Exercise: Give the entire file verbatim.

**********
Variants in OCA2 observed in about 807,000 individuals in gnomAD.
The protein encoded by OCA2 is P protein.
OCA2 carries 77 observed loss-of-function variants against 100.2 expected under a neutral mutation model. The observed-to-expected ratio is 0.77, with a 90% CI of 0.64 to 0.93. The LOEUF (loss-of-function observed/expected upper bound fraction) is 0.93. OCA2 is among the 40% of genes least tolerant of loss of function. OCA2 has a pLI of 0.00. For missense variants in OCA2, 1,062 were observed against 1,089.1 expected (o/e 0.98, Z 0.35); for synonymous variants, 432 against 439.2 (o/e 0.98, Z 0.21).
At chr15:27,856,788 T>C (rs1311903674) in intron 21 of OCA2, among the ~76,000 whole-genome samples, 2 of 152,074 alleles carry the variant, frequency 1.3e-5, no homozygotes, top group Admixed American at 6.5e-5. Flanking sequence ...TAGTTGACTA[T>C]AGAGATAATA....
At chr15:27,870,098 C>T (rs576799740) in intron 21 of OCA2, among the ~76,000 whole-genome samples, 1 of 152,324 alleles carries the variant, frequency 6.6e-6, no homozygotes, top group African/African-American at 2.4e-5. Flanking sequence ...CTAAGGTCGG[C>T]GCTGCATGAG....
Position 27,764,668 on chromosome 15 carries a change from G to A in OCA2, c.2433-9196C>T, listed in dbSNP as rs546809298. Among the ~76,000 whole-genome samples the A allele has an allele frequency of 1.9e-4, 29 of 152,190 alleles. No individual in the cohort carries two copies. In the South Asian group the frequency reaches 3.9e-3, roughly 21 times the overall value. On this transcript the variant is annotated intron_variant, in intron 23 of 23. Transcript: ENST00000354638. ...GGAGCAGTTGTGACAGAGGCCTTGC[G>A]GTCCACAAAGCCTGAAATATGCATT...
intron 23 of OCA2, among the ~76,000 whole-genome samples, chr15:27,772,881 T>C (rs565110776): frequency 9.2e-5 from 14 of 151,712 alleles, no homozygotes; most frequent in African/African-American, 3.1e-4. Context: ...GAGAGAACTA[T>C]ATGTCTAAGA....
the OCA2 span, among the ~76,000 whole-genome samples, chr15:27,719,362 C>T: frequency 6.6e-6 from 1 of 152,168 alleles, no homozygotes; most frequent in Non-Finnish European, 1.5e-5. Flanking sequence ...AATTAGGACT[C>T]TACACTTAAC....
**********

Variants in OCA2 observed in about 807,000 individuals in gnomAD.
The protein encoded by OCA2 is P protein.
OCA2 carries 77 observed loss-of-function variants against 100.2 expected under a neutral mutation model. The observed-to-expected ratio is 0.77, with a 90% CI of 0.64 to 0.93. The LOEUF (loss-of-function observed/expected upper bound fraction) is 0.93. OCA2 is among the 40% of genes least tolerant of loss of function. OCA2 has a pLI of 0.00. For missense variants in OCA2, 1,062 were observed against 1,089.1 expected (o/e 0.98, Z 0.35); for synonymous variants, 432 against 439.2 (o/e 0.98, Z 0.21).
At chr15:27,856,788 T>C (rs1311903674) in intron 21 of OCA2, among the ~76,000 whole-genome samples, 2 of 152,074 alleles carry the variant, frequency 1.3e-5, no homozygotes, top group Admixed American at 6.5e-5. Flanking sequence ...TAGTTGACTA[T>C]AGAGATAATA....
At chr15:27,870,098 C>T (rs576799740) in intron 21 of OCA2, among the ~76,000 whole-genome samples, 1 of 152,324 alleles carries the variant, frequency 6.6e-6, no homozygotes, top group African/African-American at 2.4e-5. Flanking sequence ...CTAAGGTCGG[C>T]GCTGCATGAG....
Position 27,764,668 on chromosome 15 carries a change from G to A in OCA2, c.2433-9196C>T, listed in dbSNP as rs546809298. Among the ~76,000 whole-genome samples the A allele has an allele frequency of 1.9e-4, 29 of 152,190 alleles. No individual in the cohort carries two copies. In the South Asian group the frequency reaches 3.9e-3, roughly 21 times the overall value. On this transcript the variant is annotated intron_variant, in intron 23 of 23. Transcript: ENST00000354638. ...GGAGCAGTTGTGACAGAGGCCTTGC[G>A]GTCCACAAAGCCTGAAATATGCATT...
intron 23 of OCA2, among the ~76,000 whole-genome samples, chr15:27,772,881 T>C (rs565110776): frequency 9.2e-5 from 14 of 151,712 alleles, no homozygotes; most frequent in African/African-American, 3.1e-4. Context: ...GAGAGAACTA[T>C]ATGTCTAAGA....
the OCA2 span, among the ~76,000 whole-genome samples, chr15:27,719,362 C>T: frequency 6.6e-6 from 1 of 152,168 alleles, no homozygotes; most frequent in Non-Finnish European, 1.5e-5. Flanking sequence ...AATTAGGACT[C>T]TACACTTAAC....